The Ministry of Agriculture set up an urban agriculture department with outreach workers, to give support to the new gardeners. ‘Seed shops’ supplied seeds, tools and bio-formulations, and a new urban gardening culture was created.

All over Cuba, in cities and in the countryside, production was converted from high input agriculture to low input, self-reliant farming practices, using a mixture of old farming techniques and organic or semi-organic methods.

By necessity, this meant a back-to-basics approach; with no oil for tractors or fertiliser it turned to oxen, natural compost and the production of natural pesticides and beneficial insects.

Professor Jules Pretty, of the University of Essex’s department of biological sciences, recently wrote: “Cut banana stems baited with honey to attract ants are placed in sweet potato fields and have led to control of sweet potato weevil...Crop rotations, green maturing, intercropping and soil conservation have all been incorporated into polyculture farming.”

By mid-1995 the food shortage had largely been overcome, and in 1996-97 Cuba recorded its highest-ever production levels for ten of the thirteen basic food items in the Cuban diet. Ten years later, gardens occupy approximately 3.4 per cent of urban land (8 per cent in Havana) and are tended by 18,000 individuals. In 2002, Cuba produced 3.2 million tonnes of food in urban farms and gardens providing fresh, organic produce to the population and providing a critical role in improving the diet of Cubans.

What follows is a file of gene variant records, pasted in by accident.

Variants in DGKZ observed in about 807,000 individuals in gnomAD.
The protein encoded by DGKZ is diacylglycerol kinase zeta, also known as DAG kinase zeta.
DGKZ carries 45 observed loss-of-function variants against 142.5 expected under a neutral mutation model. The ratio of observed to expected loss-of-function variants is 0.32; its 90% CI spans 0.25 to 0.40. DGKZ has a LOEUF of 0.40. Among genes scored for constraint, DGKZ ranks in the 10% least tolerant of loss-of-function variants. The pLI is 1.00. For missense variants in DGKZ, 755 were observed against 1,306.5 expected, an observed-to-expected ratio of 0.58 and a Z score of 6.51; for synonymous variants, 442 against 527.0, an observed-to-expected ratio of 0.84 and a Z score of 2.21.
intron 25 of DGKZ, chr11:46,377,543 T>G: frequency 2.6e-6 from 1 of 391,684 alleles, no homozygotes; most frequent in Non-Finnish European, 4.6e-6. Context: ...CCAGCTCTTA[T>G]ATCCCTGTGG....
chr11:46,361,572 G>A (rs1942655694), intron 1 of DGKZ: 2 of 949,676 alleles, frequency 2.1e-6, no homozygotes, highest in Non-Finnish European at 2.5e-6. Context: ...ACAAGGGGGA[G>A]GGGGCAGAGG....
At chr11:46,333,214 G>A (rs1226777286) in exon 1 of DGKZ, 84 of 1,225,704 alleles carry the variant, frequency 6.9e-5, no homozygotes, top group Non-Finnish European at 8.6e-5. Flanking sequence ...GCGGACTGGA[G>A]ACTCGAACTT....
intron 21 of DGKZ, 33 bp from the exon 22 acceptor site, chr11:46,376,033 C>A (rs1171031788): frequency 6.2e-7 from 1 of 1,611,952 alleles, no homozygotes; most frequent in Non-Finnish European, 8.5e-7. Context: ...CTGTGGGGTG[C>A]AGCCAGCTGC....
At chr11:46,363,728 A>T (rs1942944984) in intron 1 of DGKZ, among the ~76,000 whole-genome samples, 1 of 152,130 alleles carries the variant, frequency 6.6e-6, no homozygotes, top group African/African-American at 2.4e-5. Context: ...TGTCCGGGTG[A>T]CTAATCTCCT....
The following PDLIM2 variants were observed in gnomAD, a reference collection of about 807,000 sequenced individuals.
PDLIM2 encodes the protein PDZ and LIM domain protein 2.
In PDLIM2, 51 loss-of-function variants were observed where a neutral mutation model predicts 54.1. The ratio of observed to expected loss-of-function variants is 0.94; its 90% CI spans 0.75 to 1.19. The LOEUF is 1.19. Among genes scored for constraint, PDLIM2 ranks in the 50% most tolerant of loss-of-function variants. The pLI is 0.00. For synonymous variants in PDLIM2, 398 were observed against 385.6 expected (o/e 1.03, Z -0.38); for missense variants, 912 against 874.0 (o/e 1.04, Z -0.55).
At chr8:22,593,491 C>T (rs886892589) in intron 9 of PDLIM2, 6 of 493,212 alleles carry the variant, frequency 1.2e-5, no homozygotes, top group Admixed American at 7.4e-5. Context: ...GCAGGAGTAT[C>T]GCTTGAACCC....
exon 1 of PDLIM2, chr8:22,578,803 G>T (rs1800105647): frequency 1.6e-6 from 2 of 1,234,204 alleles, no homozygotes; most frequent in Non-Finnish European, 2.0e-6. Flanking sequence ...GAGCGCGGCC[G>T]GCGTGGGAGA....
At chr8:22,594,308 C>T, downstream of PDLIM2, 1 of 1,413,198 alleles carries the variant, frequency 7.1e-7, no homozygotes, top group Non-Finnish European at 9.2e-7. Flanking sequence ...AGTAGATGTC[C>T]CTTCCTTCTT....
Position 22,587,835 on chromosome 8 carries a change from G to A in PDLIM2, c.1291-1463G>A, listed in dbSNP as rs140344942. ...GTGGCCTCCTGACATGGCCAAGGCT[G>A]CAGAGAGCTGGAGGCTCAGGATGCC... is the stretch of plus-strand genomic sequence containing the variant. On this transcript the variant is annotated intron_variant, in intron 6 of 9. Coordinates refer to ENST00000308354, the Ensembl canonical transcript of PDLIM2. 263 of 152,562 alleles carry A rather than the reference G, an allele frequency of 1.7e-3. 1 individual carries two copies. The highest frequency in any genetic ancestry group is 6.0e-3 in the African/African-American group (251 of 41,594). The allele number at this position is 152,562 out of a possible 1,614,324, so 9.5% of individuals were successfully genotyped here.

Annual calorie intake now stands at about 2,600 a day, while UNFAO estimates that the percentage of the population considered undernourished fell from 8 per cent in 1990-2 to about 3 per cent in 2000-2.

Gardens attached to schools and factories have become more common, and most rural homes produce their own staple foods including beans and traditional root and tuber crops. The benefits of the food programme are enormous. The organic and traditional agriculture methods greatly reduce soil, air and water contamination from synthetic pesticides and fertiliser, the diversity of crops has led to a more varied diet, food transportation costs are reduced, waste is recycled, food security is high, green spaces in cities are increased and jobs are created.

Whilst far from perfect, the relative success of the Cuban agricultural reform stands in direct contrast with agricultural liberalisation policies currently being implemented in many other developing countries. In October 2006, a World Widelife Fund report cited Cuba as the only country in the world with “sustainable development” (see CubaSi Winter2006/07). World Bank development indicators put Cuba well ahead of many developing countries, and in some cases exceed the level of industrialised Western countries. Cuban policies go against all World Bank and IMF advice to Southern governments. Yet it appears to be working, and offers valuable lessons to others around the world committed to sustainable agriculture.